Tuesday, April 23, 2013

Day 1 - Dreama Tolle Perry's workshop

Day 1, My version of Dreama's demo.  12x12, oil on RayMar
It is always fun to see how 20 people interpret the same photo

If you haven't seen Dreama Tolle Perry's work it is a wonderful mix of glorious color and brushstrokes.  In addition to her art, Dreama is also a writer and story teller, a combination of talents I found make her a natural when it comes to teaching.

Our first day in Dreama's workshop was great.  Our name tags included an art affirmation.  We introduced ourselves and read the affirmation saying why the affirmation was true about our art. Dreama started the class reminding us to remember why we want to paint and to be careful not to get into a self defeating mind set which is easy to do if you start questioning and negatively self critiquing your art work.  Art is a journey you do because you love the creative process.  I still find myself in awe when a painting comes together.  It was also interesting to hear, just like you and me, not all of her paintings are successful and some actually get discarded.  I call my misses learning experiences.  She reminded us that just because we have successful paintings that almost paint themselves that isn't always true.  Every canvas is a blank white expanse waiting for you lay on paint.   

Dreama reminded us not to forget that workshops should not be about having a successful painting at the end of the day, but about the experience and what you can learn. Our painting style, like our handwriting is unique to us and learning new techniques will not change that, just like DNA.  Day one everyone is given the same picture to paint.  To help her students (and I needed lots of help) learn her way of painting, Dreama breaks up her teaching in segments which allows you to go back to your canvas and try to apply her techniques.  This is a technique that really works for me.  I've found if an instructor is using a technique new to me once they've completed their painting I sometimes have trouble remembering some of the essential points. And I admit I don't sit still well for long periods of time. 

Dreama's focus for the workshop is color and brushstrokes.  She paints with a fairly limited palette, mostly transparent colors, which she has changed and refined over the years as she finds colors or brands she believes work better with her style.  She starts with a white untoned canvas and lays in shapes and values with only transparent colors using a mix of 1/2 solvent (she is now using a non-toxic solvent) and 1/2 linseed oil.  The transparents will cover the entire canvas.  If the final layer will be a light color then the transparent color is laid on thinner in those areas.   

I must say the first layer is very contrary to the way I paint because there is little drawing going on and for the most part seems very dark.  But as almost every instructor will tell you the values of lights and darks are so very important and this first step is where you need to make sure your darks are DARK.  I think most of us have struggled with getting wonderful lights into our paintings.  I struggle with highlights and whites.  I keep reading that if you want something to look light don't add white, you need a darker dark next to the light.   Also rarely does white by itslef look right and she said that's because white by itself is cool so doesn't feel right if it something that is in the sun.  For a warm white add a touch of Indian yellow or orange but for a cool white add a touch of cad lemon yellow.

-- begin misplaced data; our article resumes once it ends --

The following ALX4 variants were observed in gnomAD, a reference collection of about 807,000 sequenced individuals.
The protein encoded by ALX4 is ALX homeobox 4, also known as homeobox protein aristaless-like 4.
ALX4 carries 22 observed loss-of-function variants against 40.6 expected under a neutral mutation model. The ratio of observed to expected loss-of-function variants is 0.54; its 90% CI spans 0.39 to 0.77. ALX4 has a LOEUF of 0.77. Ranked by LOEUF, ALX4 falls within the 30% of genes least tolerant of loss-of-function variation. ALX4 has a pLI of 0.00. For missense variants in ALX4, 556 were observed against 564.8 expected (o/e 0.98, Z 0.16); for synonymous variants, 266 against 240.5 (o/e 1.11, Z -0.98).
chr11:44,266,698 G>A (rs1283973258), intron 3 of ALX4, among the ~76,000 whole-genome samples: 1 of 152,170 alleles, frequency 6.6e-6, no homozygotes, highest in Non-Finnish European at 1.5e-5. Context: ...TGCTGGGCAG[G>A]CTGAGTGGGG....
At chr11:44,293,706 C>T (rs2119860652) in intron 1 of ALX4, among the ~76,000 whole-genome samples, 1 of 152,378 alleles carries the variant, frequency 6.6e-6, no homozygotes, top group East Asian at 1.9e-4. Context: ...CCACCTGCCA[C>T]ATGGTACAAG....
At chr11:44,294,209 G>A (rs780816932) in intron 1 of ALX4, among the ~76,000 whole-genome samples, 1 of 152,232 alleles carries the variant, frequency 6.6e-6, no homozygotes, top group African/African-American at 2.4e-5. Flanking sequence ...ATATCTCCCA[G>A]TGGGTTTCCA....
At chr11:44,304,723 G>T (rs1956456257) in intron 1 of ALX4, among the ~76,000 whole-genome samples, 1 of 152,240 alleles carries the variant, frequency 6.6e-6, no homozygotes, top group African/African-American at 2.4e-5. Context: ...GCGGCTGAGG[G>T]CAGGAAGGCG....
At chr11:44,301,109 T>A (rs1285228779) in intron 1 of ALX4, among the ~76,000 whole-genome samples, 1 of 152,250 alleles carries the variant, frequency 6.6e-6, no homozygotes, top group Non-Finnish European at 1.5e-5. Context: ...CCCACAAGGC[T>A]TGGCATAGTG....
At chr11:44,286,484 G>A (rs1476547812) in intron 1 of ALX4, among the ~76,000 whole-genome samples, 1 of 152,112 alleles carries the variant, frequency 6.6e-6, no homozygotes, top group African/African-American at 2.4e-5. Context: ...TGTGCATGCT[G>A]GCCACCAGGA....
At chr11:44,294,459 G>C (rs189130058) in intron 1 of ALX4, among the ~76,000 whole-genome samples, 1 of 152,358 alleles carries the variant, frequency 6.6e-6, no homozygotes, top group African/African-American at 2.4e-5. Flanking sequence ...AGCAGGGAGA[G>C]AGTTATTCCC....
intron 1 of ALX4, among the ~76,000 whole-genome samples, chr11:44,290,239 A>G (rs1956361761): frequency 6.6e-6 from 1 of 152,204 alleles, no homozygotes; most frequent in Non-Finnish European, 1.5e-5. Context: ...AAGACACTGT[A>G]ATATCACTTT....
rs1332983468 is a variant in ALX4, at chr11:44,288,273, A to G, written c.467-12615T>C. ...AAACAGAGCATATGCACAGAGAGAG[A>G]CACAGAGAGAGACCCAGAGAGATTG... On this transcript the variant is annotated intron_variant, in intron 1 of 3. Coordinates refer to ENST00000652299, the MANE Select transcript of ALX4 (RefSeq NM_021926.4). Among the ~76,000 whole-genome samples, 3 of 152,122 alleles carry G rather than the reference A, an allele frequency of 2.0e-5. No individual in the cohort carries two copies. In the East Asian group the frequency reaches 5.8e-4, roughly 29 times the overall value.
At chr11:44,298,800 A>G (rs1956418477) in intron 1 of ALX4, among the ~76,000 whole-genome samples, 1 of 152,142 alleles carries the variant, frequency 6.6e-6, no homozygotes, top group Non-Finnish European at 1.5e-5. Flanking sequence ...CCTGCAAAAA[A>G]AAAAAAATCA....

Once the first layer is on, your medium is capped and Dreama does not use any solvent to clean her brush as she goes.  Boy, not swishing my brush clean every few minutes was the hardest part of the exercise!  She noted something I never thought about... every time you swish that brush to clean it in your solvent you contaminate your brush therefore potentially dulling the next color you pick up on your brush.  Who knew!?!

You need good absorbent paper towels (Viva or Blue Shop towels are both good).  Inexpensive ones just don't work.  Dreama "cleans" the paint off her brush pretty much after every stroke or two by starting at the ferrule (metal part of brush that holds the bristles to the handle) and gently pulling straight down to the end of the bristles in her paper towel (you will use a lot of paper towels).  That also helps keep the shape and a good edge to your brush.  Most of us have the bad habit of wiping a brush back and forth across our paper towel which can damage the end of the bristles and really doesn't remove the paint.  

While I knew transparent paint gives you wonderfully brilliant color,  I did not know that unlike opaque colors which can go "muddy" pretty fast if you aren't careful,  no matter how much mingling you do with transparent paint they will not get muddy.  So that first layer can be mingled with no problem.  It is only when you add the opaques you have to be careful. 

The first day was informative and fun.  I saw a few familiar faces from past workshops and made new friends.  Even though the workshop was near my home I went out to dinner with a number of the artists each night.  Since we're either listening or painting during the workshop, its the only time to get to know everyone. 


  1. Lovely painting and very interesting post! Sounds like you are learning a lot and having a good time.

  2. I have enjoyed your post , since I live in another country and is impossible for me to attend any workshop. Sincerely admire Dreama's art and look for advices and chronicles about her technique.
    I have only a question: Which brand of oils does she recomend for her workshops? I use Windsor but I think these are very thick...
    Your work is pretty in colors an shapes, I admire it
    regards, Liliana